prometheus-stack-kube-prom-prometheus       ClusterIP   <none>        9090/TCP                     11m
prometheus-stack-kube-state-metrics         ClusterIP       <none>        8080/TCP                     11m
prometheus-stack-prometheus-node-exporter   ClusterIP   <none>        9100/TCP                     11m

Here, we can use the prometheus-stack-kube-prom-prometheus Service to access the Web UI of our Prometheus Server.

Enable Monitoring in Stash

In this section, we are going to enable Prometheus monitoring in Stash. We have to enable Prometheus monitoring during installing Stash. You have to use as the agent for monitoring via Prometheus operator.

Here, we are going to enable monitoring for both backup metrics and operator metrics using Helm 3. We are going to tell Stash to create ServiceMonitor with release: prometheus-stack label so that the Prometheus server we have deployed in the previous section can collect Stash metrics without any further configuration.

New Installation

If you haven’t installed Stash yet, run the following command to enable Prometheus monitoring during installation

$ helm install stash appscode/stash-community -n kube-system \
--version v2021.03.17 \
--set \
--set monitoring.backup=true \
--set monitoring.operator=true \
--set monitoring.serviceMonitor.labels.release=prometheus-stack \
--set-file license=/path/to/license-file.txt

Existing Installation

If you have installed Stash already in your cluster but didn’t enable monitoring during installation, you can use helm upgrade command to enable monitoring in the existing installation.

$ helm upgrade stash appscode/stash-community -n kube-system \
--reuse-values \
--set \
--set monitoring.backup=true \
--set monitoring.operator=true \
--set monitoring.serviceMonitor.labels.release=prometheus-stack

This will create a ServiceMonitor object with the same name and namespace as the Stash operator. The ServiceMonitor will have the label release: prometheus-stack as we have provided it through the --set monitoring.serviceMonitor.labels parameter.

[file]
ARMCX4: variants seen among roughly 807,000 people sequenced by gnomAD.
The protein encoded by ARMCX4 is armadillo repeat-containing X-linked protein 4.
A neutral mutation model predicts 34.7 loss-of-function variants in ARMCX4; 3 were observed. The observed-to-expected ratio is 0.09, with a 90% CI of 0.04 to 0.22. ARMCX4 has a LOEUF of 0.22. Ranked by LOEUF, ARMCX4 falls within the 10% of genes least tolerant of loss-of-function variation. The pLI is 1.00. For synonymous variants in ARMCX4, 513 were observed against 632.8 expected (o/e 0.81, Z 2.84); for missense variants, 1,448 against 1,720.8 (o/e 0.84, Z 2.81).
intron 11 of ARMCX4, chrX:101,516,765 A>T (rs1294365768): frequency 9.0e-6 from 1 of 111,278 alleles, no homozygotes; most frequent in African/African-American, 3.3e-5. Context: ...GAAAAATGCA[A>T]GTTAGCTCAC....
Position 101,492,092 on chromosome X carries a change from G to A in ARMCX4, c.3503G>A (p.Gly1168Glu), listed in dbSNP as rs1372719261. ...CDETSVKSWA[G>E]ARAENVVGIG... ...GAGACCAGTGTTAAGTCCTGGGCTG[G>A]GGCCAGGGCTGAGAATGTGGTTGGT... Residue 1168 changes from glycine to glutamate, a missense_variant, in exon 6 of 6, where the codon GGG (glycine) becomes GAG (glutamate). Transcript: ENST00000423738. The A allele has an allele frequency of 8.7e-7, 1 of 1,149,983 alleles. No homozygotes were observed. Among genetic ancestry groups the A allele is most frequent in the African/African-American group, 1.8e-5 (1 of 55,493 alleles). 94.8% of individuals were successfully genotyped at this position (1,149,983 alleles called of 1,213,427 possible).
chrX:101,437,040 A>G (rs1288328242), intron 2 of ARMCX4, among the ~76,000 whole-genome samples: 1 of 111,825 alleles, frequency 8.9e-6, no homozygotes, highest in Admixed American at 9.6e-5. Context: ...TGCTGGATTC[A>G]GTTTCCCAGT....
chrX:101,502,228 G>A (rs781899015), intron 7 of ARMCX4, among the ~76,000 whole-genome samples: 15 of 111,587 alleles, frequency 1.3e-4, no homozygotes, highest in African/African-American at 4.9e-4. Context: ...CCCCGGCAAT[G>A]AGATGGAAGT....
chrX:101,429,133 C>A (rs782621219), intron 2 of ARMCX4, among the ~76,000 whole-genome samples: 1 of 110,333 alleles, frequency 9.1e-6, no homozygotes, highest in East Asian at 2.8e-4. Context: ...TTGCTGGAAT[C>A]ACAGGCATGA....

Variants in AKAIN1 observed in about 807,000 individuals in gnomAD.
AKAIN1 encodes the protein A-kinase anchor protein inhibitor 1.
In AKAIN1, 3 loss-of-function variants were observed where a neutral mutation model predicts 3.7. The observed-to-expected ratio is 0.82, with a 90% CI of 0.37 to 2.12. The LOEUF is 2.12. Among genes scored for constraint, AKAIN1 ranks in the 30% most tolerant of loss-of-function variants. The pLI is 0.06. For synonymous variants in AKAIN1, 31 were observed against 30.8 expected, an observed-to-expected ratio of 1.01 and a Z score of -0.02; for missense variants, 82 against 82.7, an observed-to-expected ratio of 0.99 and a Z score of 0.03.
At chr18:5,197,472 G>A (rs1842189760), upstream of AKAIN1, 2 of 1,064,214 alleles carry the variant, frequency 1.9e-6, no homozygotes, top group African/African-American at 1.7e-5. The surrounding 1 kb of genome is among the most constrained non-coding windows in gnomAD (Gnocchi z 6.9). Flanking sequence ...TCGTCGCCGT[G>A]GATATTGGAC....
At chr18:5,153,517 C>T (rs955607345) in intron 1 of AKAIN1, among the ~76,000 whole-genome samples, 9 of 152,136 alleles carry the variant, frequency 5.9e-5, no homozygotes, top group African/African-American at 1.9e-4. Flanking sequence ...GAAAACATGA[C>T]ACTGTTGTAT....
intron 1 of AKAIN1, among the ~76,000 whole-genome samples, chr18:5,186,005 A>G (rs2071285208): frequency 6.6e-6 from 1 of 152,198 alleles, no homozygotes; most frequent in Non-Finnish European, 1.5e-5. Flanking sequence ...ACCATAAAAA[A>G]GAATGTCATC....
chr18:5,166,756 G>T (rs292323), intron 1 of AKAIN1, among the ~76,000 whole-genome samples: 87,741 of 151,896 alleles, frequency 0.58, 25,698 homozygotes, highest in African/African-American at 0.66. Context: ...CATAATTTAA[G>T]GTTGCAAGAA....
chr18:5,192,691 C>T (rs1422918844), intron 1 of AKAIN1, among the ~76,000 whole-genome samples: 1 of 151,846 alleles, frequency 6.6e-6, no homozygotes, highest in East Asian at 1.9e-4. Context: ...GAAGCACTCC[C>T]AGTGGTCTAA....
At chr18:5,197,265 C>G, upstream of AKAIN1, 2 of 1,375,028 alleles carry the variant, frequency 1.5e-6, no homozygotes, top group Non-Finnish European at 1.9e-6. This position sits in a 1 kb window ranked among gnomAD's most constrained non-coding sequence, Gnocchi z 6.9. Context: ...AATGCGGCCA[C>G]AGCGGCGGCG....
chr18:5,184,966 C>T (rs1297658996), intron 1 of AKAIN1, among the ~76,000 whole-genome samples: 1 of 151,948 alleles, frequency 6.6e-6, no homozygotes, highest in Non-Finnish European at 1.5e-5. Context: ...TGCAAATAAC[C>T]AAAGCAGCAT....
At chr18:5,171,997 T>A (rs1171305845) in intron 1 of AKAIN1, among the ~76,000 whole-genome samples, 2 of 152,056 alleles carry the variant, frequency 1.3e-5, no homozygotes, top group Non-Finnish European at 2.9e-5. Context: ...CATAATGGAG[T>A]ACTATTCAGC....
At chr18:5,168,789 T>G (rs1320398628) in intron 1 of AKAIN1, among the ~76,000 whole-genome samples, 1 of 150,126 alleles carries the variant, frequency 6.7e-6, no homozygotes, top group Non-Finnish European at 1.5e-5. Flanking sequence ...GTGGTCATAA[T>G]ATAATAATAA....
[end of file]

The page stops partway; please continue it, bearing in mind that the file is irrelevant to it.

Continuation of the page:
Let’s verify that the ServiceMonitor has been created in the Stash operator namespace.

$ kubectl get servicemonitor -n kube-system
stash   65s

Let’s check the YAML of the ServiceMonitor object,

$ kubectl get servicemonitor stash -n kube-system -o yaml
kind: ServiceMonitor
  annotations: stash kube-system
  labels: Helm
    release: prometheus-stack
  name: stash
  namespace: kube-system
  - honorLabels: true
    port: pushgateway
  - bearerTokenFile: /var/run/secrets/
    port: api
    scheme: https
          key: tls.crt
          name: stash-apiserver-cert
      serverName: stash.kube-system.svc
    - kube-system
    matchLabels: stash stash

Here, we have two endpoints in spec.endpoints section. The pushgateway endpoint exports backup and recovery metrics and the api endpoint exports the operator metrics.

Verify Monitoring

As soon as the Stash operator pod goes into the Running state, the Prometheus server we have deployed in the first section should discover the endpoints exposed by Stash for metrics.

Now, we are going to forward port of prometheus-stack-kube-prom-prometheus Service to access the Prometheus web UI. Run the following command on a separate terminal,

$ kubectl port-forward -n monitoring service/prometheus-stack-kube-prom-prometheus 9090
Forwarding from -> 9090
Forwarding from [::1]:9090 -> 9090

Now, you can access the Web UI at localhost:9090. Open http://localhost:9090/targets in your browser. You should see pushgateway and api endpoints of the Stash operator are among the targets. This verifies that the Prometheus server is scrapping Stash metrics.

Stash Monitoring Flow
Fig: Prometheus Web UI


To cleanup the Kubernetes resources created by this tutorial, run:

# cleanup Prometheus resources
helm delete prometheus-stack -n monitoring

# delete namespace
kubectl delete ns monitoring

To uninstall Stash follow this guide.